Daniel Vogelbach’s bat sends message that Mariners need to get him at-bats

Apr 7, 2019, 5:32 PM
Daniel Vogelbach has 12 home runs for the Mariners this season. (Getty)

When last season ended, the Seattle Mariners had every intention of seeing what Daniel Vogelbach could do at the Major League level in 2019.

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They let six-time All-Star Nelson Cruz leave for Minnesota in free agency, clearing the way at designated hitter, and the team was prepared for Vogelbach’s permanent arrival in Seattle knowing he would be out of minor league options in 2019.

“We have to make a determination to where he fits,” general manager Jerry Dipoto said about Vogelbach in an interview with 710 ESPN Seattle’s Danny, Dave and Moore last September. “Whether that is a timeshare at first base, whether it is taking DH at-bats, it’s going to be one of those because we do feel like he is an asset.”

But as the team’s turbulent offseason turned to the regular season, those at-bats for the budding 26-year-old slugger suddenly looked hard to come by. Through blockbuster trades with the Mets and Indians, the Mariners ended up with a pair of former All-Stars, Jay Bruce and Edwin Encarnación, that they seemingly had hoped to flip before the season began. Instead, the veterans had to be added to a logjam at Seattle’s first base and DH situation that already included Vogelbach and Ryon Healy.

So 10 games into the Mariners’ season, Vogelbach had received just 14 plate appearances, the majority coming out of a pair of starts given to him as the 36-year-old Encarnación nursed a sore hand.

That minor injury to Encarnación was the door being cracked open for Vogelbach. And with those two starts and a nod over Bruce in Sunday’s lineup, he kicked it wide open.

On Tuesday, Vogelbach went 2 for 3 with a game-winning home run in the eighth inning against the Angels. He had two more hits on Friday in Chicago, including another solo homer. And on Sunday, Vogelbach broke out with his first multi-homer game in the MLB, adding a bases-clearing double to drive in a career-high six RBIs while going 3 for 4 with a walk. Put everything together, and you’ve got a ridiculous 1.979 OPS to go with a .467 average, four home runs, five runs scored and eight RBIs in six games.

Good luck figuring out the lineup card each day, Scott Servais.

“At the end of the day, my team is not going to be happy with me,” the Mariners manager said after Sunday’s 12-5 win over the White Sox. “You can’t play them all, but as long as they’re producing like this, it’s a good problem to have.”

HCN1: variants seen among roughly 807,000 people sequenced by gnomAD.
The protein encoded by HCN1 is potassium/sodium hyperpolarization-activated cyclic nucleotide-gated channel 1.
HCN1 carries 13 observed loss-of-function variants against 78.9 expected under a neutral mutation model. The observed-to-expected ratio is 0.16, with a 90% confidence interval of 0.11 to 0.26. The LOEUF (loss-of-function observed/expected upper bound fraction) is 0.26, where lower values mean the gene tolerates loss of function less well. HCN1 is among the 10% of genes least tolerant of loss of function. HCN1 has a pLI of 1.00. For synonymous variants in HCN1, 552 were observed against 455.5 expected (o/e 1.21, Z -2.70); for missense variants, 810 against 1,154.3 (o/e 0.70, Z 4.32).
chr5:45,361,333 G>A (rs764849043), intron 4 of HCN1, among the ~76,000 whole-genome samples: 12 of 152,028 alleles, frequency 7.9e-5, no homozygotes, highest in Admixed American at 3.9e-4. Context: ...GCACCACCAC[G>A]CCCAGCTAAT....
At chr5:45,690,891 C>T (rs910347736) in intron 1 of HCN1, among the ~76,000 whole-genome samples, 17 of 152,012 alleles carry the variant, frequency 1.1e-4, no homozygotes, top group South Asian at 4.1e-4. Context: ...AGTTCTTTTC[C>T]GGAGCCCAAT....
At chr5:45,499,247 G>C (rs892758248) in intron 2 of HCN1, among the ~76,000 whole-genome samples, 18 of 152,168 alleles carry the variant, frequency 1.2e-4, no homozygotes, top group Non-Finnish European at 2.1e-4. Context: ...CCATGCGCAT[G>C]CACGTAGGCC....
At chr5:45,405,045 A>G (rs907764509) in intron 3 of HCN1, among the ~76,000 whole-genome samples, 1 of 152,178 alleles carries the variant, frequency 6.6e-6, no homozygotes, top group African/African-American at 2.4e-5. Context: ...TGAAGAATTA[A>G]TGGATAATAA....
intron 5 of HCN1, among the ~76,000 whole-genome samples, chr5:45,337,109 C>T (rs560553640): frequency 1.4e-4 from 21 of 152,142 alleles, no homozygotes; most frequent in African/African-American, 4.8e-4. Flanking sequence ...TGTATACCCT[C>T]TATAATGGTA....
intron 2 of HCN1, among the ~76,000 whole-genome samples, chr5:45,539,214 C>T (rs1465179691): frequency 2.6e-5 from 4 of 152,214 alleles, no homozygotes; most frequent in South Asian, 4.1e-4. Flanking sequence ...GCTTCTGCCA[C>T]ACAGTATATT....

While Vogelbach’s torrid start at the plate might give Servais a few more options than he needs, it also has to make Dipoto pretty happy. After all, Vogelbach was the first forward-thinking acquisition Dipoto made for the Mariners, getting him from the Cubs as the main piece of a package for left-handed pitcher Mike Montgomery midway through the 2016 season.

After mostly underwhelming appearances here and there over each of the past three seasons with the Mariners, there were concerns that Vogelbach wasn’t going to amount to much outside of the Triple-A, where he was having no trouble handling minor league pitching. Dipoto remained confident in Vogelbach’s abilities, however, as he made clear last month in another interview with Danny, Dave and Moore.

“Last year we just didn’t have the at-bats to give him at the Major League level to find out where he was. This year we will,” Dipoto said. “… He’s done all you can do to be convincing at the minor league levels. He’s roughly destroyed the (Triple-A) PCL over the last two-plus seasons. There’s no reason why this shouldn’t work in the big leagues.”

You could argue Vogelbach should have seen more opportunities last season with the M’s, especially after an incredible spring training, but with Cruz around and options left for Vogelbach, the Mariners opted to stick with the more defensively-sound Healy at first base. There’s no arguing, however, that Vogelbach has done everything he possibly could have in the first two-plus weeks of this season, one in which he was expected to be a regular presence at first base and DH only to watch the M’s end up with one of the best DHs of the past decade and a former Home Run Derby champion.

Vogelbach has plowed through the latest block in his road to Major League playing time, though, so the question now is what Seattle will do with Encarnación and/or Bruce. Will Dipoto expedite a trade of one of them to a team looking for help at DH or first base? Do they become a left-right platoon until the season gets closer to trade deadline?

Whatever happens, the priority for Seattle should be seeing how long Vogelbach can keep producing instead of showcasing Encarnación and Bruce for potential suitors.

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Daniel Vogelbach’s bat sends message that Mariners need to get him at-bats